The impact of HIV/AIDS on the different farming sectors in Namibia
This report, issued jointly by the University of Namibia and the FAO Regional Office for Africa, provides background to the situation of HIV/AIDS in Namibia. Issues related to the impact of HIV/AIDS on farming, both communal and commercial are reviewed. It begins with the impact of HIV/AIDS on the social structure in the farming communities and is followed by the impacts on labour and income, land ownership and the health and psychological well-being of affected households including school-age children in schools. Findings on the impact of the epidemic on crop and livestock production, community coping mechanisms and strategies for increasing labour productivity are also covered.
The methodology employed in this specific study is also addressed. Essentially, the study aimed to obtain a representative sample of the Namibian communal and commercial agricultural sectors and to describe how these have been affected by HIV/AIDS. Regions were selected to capture the following different characteristics of the farming communities: (i) communal versus commercial farming, (ii) livestock versus crop production, and (iii) high versus low HIV/AIDS prevalence. Based on this criterion, the seven regions selected for the survey were Caprivi, Erongo, Karas, Khomas, Omaheke, Omusati and Oshikoto. The survey was carried out in October 2001 with a total of 428 questionnaires were received of which 319 were from communal farmers and 109 from commercial farmers. Cross tabulations, frequencies and Chi-square analyses were then performed on these data.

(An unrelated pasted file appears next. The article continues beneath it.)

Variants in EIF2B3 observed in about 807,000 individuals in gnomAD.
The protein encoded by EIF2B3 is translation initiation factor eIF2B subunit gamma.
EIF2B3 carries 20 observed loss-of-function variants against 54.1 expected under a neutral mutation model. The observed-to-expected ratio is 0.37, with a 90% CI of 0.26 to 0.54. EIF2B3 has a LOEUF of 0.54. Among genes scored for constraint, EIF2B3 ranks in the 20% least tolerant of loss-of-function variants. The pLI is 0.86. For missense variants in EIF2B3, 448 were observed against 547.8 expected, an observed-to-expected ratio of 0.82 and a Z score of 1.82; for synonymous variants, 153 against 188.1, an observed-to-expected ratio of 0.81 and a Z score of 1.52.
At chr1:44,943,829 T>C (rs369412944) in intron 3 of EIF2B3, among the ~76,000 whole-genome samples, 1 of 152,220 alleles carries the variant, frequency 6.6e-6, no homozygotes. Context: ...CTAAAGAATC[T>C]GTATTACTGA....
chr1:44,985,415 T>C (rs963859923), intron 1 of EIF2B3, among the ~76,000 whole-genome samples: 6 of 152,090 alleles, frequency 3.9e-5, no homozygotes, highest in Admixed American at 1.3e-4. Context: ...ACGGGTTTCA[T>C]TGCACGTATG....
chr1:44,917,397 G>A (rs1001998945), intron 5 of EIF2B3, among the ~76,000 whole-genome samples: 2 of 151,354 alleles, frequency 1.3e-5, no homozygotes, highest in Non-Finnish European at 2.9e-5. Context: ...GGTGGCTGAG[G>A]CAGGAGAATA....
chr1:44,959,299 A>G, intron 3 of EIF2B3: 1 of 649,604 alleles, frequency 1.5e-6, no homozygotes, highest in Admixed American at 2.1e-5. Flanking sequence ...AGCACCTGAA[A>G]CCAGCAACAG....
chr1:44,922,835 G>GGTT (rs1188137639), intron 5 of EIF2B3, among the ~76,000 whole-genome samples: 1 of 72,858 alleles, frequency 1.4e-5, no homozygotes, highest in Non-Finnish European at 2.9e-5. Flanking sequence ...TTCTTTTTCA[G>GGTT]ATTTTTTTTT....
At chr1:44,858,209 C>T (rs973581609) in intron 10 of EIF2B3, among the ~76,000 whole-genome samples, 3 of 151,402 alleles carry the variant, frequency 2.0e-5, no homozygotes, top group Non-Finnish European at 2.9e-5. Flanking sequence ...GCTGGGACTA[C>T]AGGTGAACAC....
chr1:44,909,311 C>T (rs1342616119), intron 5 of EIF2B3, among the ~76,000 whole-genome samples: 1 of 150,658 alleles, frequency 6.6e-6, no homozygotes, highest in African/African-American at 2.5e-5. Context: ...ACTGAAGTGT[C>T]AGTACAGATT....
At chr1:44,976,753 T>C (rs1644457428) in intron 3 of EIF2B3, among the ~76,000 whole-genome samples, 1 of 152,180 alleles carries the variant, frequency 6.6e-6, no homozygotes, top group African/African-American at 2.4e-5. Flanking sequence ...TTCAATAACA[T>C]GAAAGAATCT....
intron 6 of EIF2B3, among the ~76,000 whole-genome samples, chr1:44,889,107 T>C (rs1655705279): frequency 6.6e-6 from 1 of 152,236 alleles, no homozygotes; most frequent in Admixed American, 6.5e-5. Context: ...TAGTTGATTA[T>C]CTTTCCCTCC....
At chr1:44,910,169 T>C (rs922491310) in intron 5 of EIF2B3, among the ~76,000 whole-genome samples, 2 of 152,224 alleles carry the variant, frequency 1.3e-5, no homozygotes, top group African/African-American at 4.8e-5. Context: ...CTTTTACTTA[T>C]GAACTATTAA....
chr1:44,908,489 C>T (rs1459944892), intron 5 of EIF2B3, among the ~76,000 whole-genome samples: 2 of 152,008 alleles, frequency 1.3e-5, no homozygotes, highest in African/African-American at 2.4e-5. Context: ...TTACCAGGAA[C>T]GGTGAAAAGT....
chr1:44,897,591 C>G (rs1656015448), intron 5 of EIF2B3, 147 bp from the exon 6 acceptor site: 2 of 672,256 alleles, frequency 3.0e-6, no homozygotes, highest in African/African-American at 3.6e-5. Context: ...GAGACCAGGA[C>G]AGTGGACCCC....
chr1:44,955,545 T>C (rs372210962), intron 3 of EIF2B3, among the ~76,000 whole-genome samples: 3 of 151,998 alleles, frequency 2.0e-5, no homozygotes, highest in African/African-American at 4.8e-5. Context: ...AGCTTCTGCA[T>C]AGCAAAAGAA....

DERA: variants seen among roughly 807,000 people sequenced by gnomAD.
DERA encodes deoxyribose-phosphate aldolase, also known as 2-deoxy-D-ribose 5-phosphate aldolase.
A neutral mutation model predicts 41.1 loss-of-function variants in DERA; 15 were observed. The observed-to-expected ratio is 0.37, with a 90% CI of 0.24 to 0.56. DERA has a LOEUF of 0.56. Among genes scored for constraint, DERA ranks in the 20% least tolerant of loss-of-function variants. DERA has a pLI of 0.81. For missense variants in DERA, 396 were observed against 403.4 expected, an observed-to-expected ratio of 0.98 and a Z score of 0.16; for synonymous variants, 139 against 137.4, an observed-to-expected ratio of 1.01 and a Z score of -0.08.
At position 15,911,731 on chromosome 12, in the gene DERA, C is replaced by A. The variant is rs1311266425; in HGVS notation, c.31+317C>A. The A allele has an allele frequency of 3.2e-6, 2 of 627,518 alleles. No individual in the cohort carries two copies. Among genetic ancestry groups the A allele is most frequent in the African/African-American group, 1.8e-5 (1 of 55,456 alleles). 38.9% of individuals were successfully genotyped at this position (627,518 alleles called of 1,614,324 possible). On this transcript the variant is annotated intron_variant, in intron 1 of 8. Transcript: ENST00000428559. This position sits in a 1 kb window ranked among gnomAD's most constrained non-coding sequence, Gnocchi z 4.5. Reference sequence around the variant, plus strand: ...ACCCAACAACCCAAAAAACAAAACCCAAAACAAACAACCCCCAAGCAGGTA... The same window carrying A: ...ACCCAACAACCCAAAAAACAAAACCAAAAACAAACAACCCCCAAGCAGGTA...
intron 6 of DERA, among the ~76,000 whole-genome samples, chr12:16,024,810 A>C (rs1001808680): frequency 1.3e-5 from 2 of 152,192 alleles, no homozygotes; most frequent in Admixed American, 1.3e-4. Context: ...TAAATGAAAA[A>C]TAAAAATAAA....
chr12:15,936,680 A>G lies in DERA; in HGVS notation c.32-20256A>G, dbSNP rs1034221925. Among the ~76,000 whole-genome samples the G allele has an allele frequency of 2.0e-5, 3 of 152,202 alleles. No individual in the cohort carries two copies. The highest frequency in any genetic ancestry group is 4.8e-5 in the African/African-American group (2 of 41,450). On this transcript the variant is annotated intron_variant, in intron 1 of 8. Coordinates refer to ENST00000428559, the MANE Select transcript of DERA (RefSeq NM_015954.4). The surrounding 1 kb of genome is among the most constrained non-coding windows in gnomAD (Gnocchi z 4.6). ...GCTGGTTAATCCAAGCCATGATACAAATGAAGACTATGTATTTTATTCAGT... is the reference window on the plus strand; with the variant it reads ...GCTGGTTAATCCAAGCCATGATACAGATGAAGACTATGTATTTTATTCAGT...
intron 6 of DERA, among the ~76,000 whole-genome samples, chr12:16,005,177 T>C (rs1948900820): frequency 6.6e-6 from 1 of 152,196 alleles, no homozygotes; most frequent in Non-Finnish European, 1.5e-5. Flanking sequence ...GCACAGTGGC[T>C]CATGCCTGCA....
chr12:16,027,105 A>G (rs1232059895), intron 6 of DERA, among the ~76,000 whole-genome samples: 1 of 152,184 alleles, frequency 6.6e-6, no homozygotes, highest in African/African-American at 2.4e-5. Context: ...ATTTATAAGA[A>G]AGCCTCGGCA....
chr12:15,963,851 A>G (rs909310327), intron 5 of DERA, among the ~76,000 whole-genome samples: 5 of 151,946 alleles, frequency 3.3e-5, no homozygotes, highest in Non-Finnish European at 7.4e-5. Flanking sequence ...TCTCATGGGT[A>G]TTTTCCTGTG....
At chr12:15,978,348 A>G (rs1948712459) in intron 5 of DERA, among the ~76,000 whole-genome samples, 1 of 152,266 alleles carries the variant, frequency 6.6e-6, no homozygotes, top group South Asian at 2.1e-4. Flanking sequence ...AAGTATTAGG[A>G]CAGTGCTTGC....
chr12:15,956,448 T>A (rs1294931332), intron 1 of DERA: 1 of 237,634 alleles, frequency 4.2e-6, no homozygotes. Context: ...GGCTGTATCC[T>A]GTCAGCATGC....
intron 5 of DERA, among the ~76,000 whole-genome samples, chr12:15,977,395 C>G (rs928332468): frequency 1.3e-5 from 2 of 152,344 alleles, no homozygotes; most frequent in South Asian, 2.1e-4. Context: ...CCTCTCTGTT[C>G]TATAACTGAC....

The level of stigma is still high in these farming communities, and this may hinder the health-seeking behaviours of the affected and infected rural persons. The results have also showed that there has been reduction in labour input on various farm enterprises and operations on communal as well as some commercial farms. The consequences of reduced labour input are reduced area cultivated, increased use of child labour, change in crops grown and less intensive husbandry practices. The sale of livestock to cover medical bills arising out of HIV/AIDS illnesses will, in the long term, result in a decline in the sales of beef by Namibia to South Africa and the European Union.
Traditional practices in some of the regions dictate that once the male head of the household dies from AIDS or HIV related illnesses, the relatives claim the property, at the expense of the wife and children. Systems of mourning take many days and entail considerable expenditure. It is suggested that the period for mourning be reduced to a minimum because it affects labour inputs and production in the farming communities.
Conclusions and recommendations of the study are provided. On the whole, it is being recommended to farmer organisations, government, traditional leaders and the community at large to provide HIV/AIDS education and prevention efforts and where possible provide support and counselling to the afflicted farming communities. It was further recommended that communities adopt strategies that minimise the reduction of labour input and optimise co-operative enterprises and practices so as to ensure sustained agricultural production and food security. MWARD should be providing more training and extension materials to their extension agents to educate the farmers of the impact of HIV/AIDS on the farming systems and communities.
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